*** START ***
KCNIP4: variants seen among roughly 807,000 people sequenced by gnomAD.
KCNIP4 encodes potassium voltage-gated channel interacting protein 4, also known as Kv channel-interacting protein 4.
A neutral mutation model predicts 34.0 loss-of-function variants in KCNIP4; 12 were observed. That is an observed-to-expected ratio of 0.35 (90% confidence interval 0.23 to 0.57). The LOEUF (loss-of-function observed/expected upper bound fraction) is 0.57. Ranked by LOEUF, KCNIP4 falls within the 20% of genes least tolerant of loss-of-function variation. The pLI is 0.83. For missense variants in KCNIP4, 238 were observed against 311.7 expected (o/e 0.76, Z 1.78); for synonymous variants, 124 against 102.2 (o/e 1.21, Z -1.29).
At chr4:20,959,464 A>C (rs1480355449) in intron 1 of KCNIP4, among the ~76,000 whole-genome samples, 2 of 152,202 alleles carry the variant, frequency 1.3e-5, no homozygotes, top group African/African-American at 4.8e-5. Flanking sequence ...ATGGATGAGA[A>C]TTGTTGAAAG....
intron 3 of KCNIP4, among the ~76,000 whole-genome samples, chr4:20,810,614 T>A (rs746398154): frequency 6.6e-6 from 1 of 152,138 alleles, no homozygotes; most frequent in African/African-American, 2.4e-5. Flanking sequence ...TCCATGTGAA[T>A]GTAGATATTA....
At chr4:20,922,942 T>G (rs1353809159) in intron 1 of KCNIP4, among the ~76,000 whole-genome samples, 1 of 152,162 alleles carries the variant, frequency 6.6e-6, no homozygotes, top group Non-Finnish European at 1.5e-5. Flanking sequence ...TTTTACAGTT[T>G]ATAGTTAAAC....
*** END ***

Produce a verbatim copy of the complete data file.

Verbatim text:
KCNIP4: variants seen among roughly 807,000 people sequenced by gnomAD.
KCNIP4 encodes potassium voltage-gated channel interacting protein 4, also known as Kv channel-interacting protein 4.
A neutral mutation model predicts 34.0 loss-of-function variants in KCNIP4; 12 were observed. That is an observed-to-expected ratio of 0.35 (90% confidence interval 0.23 to 0.57). The LOEUF (loss-of-function observed/expected upper bound fraction) is 0.57. Ranked by LOEUF, KCNIP4 falls within the 20% of genes least tolerant of loss-of-function variation. The pLI is 0.83. For missense variants in KCNIP4, 238 were observed against 311.7 expected (o/e 0.76, Z 1.78); for synonymous variants, 124 against 102.2 (o/e 1.21, Z -1.29).
At chr4:20,959,464 A>C (rs1480355449) in intron 1 of KCNIP4, among the ~76,000 whole-genome samples, 2 of 152,202 alleles carry the variant, frequency 1.3e-5, no homozygotes, top group African/African-American at 4.8e-5. Flanking sequence ...ATGGATGAGA[A>C]TTGTTGAAAG....
intron 3 of KCNIP4, among the ~76,000 whole-genome samples, chr4:20,810,614 T>A (rs746398154): frequency 6.6e-6 from 1 of 152,138 alleles, no homozygotes; most frequent in African/African-American, 2.4e-5. Flanking sequence ...TCCATGTGAA[T>A]GTAGATATTA....
At chr4:20,922,942 T>G (rs1353809159) in intron 1 of KCNIP4, among the ~76,000 whole-genome samples, 1 of 152,162 alleles carries the variant, frequency 6.6e-6, no homozygotes, top group Non-Finnish European at 1.5e-5. Flanking sequence ...TTTTACAGTT[T>G]ATAGTTAAAC....